To this point, the the law is essentially a good thing: what, then, is the relationship between law and sin? Paul engages this question most clearly in chapter 7. His first metaphor is of a wife being free from her husband’s power once the husband dies. The reality: humans are free from the law once they die to sin. This is not a criticism of the law, just the reality of the epochal shift. The negative note arrives in 7:4ff. where the first marriage is paralleled to life in the flesh.

Paul asks the question: is the law sin? The following text until 8:4 is a defense of the law. The real culprit is not the law, but (1) the power of sin that is able to operate through the law, and (2) the weakness of human flesh. The law was a calculated risk on God’s part: it condemned sin to death (a good thing), but thereby condemned those determined to live in sin to death as well.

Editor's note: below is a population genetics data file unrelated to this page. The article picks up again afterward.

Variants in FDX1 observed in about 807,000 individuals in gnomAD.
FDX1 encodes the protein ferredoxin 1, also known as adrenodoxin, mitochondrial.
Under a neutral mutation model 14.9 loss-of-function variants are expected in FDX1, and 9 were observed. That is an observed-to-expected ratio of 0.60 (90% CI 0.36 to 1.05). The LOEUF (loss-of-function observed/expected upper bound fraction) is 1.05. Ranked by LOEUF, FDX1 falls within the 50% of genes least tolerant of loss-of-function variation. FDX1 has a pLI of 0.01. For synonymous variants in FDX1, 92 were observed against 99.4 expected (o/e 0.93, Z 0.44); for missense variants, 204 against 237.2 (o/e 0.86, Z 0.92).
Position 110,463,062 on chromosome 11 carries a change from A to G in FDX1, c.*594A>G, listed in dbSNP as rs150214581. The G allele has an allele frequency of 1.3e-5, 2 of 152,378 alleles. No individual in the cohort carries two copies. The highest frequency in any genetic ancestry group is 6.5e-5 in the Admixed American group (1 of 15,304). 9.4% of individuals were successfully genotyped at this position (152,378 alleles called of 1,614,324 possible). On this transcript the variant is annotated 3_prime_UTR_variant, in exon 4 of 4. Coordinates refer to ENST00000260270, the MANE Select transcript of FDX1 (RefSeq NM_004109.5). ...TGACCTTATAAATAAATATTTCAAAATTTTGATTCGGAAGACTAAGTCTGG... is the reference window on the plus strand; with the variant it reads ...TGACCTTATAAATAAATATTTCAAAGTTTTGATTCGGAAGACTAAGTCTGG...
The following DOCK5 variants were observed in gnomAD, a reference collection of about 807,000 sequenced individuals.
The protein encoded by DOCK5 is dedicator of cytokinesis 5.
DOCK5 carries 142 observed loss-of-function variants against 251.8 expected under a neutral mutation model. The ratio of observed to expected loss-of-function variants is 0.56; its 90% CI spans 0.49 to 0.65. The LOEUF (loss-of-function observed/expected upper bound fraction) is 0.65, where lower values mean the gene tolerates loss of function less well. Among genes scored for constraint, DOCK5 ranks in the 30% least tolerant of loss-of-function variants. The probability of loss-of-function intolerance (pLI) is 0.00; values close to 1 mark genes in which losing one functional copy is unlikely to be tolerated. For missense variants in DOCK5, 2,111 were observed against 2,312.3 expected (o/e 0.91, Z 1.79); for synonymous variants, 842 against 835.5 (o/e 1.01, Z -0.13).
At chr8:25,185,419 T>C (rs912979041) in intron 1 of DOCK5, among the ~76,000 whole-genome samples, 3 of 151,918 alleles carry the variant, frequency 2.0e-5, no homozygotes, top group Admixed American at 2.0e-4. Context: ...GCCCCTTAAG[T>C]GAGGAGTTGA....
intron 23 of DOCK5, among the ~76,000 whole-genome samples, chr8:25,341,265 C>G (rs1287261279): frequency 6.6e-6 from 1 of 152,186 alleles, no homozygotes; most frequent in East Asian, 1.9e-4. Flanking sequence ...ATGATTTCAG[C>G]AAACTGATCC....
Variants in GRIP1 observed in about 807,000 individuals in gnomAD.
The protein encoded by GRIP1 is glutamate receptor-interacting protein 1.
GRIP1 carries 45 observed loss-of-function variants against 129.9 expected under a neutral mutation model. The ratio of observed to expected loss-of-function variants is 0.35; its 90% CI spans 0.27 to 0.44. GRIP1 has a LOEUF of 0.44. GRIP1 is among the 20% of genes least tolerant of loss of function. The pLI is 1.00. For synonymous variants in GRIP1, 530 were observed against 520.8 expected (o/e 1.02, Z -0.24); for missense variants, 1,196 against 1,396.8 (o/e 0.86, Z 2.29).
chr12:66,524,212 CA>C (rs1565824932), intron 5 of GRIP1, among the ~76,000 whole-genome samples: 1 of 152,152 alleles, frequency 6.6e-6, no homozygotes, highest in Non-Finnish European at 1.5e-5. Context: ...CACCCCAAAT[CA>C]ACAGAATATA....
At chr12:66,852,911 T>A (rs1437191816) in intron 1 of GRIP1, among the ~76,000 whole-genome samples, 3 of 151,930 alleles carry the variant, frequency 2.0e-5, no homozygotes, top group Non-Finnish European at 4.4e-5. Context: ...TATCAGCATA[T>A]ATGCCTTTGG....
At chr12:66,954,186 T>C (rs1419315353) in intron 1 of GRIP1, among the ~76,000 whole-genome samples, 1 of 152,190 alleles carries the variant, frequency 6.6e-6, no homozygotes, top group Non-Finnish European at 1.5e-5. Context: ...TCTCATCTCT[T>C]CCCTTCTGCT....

Dunn ends with a six point summary of the chapter that nicely sums up the themes he expounded on this thorny topic.

. . .

So, Dunn did what I expected. Whereas centuries of believers have used Paul’s words as a condemnation of unbridled legalism within the Jewish community, Dunn reminds us that Paul’s understanding of law was essentially a positive one. The problem was not the Jewish people enslaved by the law’s legalistic tentacles, it was their misunderstanding of the role of the law: their claim of a privileged role because of their possession of torah. That false pride is simply evidence of sin abusing the law, and working in human weakness to produce death.

< § 5: Sin and Death

§ 7: Gospel >